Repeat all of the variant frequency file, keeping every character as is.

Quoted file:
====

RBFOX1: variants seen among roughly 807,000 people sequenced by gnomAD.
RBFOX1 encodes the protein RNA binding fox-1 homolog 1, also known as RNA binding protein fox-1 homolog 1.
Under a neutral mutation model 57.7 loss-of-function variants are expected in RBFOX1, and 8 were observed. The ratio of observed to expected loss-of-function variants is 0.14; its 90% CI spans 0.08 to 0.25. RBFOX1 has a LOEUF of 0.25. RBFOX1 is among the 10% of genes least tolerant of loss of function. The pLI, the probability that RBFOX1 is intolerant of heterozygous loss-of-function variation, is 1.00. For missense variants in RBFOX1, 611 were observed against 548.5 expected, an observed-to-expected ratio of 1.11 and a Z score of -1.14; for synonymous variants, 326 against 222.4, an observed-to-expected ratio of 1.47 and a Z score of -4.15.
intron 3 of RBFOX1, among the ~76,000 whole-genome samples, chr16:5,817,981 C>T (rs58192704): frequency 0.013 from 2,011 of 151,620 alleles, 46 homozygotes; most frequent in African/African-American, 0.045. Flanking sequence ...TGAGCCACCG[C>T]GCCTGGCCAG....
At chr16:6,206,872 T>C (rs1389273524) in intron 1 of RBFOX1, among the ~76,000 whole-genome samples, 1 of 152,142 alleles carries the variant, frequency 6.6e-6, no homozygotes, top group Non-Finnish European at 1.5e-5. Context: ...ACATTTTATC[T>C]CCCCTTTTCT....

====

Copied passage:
RBFOX1: variants seen among roughly 807,000 people sequenced by gnomAD.
RBFOX1 encodes the protein RNA binding fox-1 homolog 1, also known as RNA binding protein fox-1 homolog 1.
Under a neutral mutation model 57.7 loss-of-function variants are expected in RBFOX1, and 8 were observed. The ratio of observed to expected loss-of-function variants is 0.14; its 90% CI spans 0.08 to 0.25. RBFOX1 has a LOEUF of 0.25. RBFOX1 is among the 10% of genes least tolerant of loss of function. The pLI, the probability that RBFOX1 is intolerant of heterozygous loss-of-function variation, is 1.00. For missense variants in RBFOX1, 611 were observed against 548.5 expected, an observed-to-expected ratio of 1.11 and a Z score of -1.14; for synonymous variants, 326 against 222.4, an observed-to-expected ratio of 1.47 and a Z score of -4.15.
intron 3 of RBFOX1, among the ~76,000 whole-genome samples, chr16:5,817,981 C>T (rs58192704): frequency 0.013 from 2,011 of 151,620 alleles, 46 homozygotes; most frequent in African/African-American, 0.045. Flanking sequence ...TGAGCCACCG[C>T]GCCTGGCCAG....
At chr16:6,206,872 T>C (rs1389273524) in intron 1 of RBFOX1, among the ~76,000 whole-genome samples, 1 of 152,142 alleles carries the variant, frequency 6.6e-6, no homozygotes, top group Non-Finnish European at 1.5e-5. Context: ...ACATTTTATC[T>C]CCCCTTTTCT....